The working world of science demands social skills and inquiry skills. However, a traditional undergraduate laboratory often fails to involve these skills. Even in inquiry-based learning, little research has been conducted on how students actually inquire. This study aimed to investigate the nature of student inquiry in an undergraduate biochemistry laboratory class at a New Zealand university. The conversations within groups of third-year students investigating protein biochemistry during three laboratory sessions were recorded and transcribed for analysis. NVivo was used to help analyse the conversations for categories associated with inquiry, derived from the literature or emerging from the data.
The majority of conversations concerned ‘what’ questions, requiring definitive answers, with very few asking ‘why’. There was relatively little inquiry, despite the laboratory being structured for inquiry-based learning. Notwithstanding, most of the topics discussed by the students were relevant to the laboratory class and included procedures, equipment, theoretical concepts, laboratory skills, calculations and management with little social chat. Theoretical concepts, expected to elicit higher order thinking (for example, analysing, synthesising or evaluating), were discussed infrequently by students.
Analysis of the conversations revealed how the initiation, response, extension and closure of the conversation occurs in a group. The teacher more often initiated with a question, suggestion or direction; a student more often offered a question, to fellow student or teacher, seeking guidance or confirmation.
Initial findings suggest the need for better pre-class (and pre-300 level) preparation by students. A focus from teaching staff on the key theoretical concepts, encouraged through more questioning that promotes higher-order thinking, is also suggested.
Questions for discussion:
What other sort of analysis may be helpful?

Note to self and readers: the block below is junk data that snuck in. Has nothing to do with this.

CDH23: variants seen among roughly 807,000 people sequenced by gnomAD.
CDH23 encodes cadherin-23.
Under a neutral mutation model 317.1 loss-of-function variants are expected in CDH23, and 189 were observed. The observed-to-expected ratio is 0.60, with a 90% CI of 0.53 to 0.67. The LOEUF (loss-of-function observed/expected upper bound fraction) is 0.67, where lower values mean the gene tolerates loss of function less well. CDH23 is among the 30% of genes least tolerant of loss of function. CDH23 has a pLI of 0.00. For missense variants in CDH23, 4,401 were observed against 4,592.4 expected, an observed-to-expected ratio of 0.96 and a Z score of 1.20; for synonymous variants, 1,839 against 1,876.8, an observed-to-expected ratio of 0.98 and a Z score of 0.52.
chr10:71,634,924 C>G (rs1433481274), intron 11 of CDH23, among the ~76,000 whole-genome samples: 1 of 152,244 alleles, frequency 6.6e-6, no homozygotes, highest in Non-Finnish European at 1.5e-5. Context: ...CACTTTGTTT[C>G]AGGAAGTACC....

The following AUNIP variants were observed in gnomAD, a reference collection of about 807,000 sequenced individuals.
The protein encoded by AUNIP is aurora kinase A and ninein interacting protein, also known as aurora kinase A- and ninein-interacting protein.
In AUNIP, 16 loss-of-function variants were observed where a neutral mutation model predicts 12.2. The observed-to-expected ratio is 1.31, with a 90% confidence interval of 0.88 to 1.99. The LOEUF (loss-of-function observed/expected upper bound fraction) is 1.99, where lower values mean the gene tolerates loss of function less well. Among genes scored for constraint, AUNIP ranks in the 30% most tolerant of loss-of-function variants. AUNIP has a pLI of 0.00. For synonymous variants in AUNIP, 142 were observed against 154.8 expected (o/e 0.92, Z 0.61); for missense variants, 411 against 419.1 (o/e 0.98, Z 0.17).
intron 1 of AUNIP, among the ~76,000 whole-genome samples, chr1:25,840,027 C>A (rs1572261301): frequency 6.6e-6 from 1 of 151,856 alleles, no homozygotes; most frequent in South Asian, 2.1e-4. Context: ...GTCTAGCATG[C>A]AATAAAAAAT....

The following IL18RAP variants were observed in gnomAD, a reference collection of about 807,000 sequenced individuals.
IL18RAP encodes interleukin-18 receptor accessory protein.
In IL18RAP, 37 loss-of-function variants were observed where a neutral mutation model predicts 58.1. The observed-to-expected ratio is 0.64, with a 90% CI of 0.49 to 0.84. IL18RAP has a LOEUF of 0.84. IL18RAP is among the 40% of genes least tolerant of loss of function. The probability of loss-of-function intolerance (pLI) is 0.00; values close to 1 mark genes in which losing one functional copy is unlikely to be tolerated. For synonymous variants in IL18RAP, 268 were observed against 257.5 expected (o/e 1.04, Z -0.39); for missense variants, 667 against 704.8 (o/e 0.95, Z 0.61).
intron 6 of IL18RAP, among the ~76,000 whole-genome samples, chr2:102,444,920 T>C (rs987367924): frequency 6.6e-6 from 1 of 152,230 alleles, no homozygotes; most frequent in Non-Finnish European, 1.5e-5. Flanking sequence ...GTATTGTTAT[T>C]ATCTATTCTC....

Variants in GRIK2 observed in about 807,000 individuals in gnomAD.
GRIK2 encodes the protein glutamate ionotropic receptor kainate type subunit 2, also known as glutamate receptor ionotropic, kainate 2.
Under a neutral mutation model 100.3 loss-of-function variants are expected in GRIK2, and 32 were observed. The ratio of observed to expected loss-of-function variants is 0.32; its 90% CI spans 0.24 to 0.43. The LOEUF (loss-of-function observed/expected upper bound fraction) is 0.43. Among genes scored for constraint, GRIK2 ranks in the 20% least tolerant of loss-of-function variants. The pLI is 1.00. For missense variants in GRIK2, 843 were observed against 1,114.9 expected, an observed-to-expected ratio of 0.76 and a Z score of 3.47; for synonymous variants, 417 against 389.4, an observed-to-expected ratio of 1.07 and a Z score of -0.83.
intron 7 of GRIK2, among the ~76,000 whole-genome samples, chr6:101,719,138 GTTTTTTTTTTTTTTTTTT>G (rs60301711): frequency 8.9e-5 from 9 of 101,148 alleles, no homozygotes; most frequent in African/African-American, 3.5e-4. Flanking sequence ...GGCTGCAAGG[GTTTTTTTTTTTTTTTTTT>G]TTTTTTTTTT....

How can the findings be used to influence teachers’, students’, and Institutions’ practice?
Addressing the theme/s of the Conference (up to 200 words recommended)
Undergraduate science education has important roles in preparing students for working in science and contributing an understanding of science to the wider world. Science is based on a process of inquiry that is clearly evident in most professional and research laboratories; these are complex environments where results are often uncertain and problem-solving skills are essential. However little is known about how students use inquiry in undergraduate laboratories, or how to encourage the development of these skills.
Inquiry based learning (IBL) is increasingly being advocated and used in undergraduate science education. University teaching staff often require additional skills to be able to implement IBL effectively as few have teaching qualifications; they too have to navigate uncertainty.
This study aims to investigate the nature of student inquiry and to provide a framework to help university teachers navigate an uncertain and complex teaching landscape that will contribute to improving science graduates’ ability to navigate the complex working world of science and life beyond university.
We would like to use this in a PhD Roundtable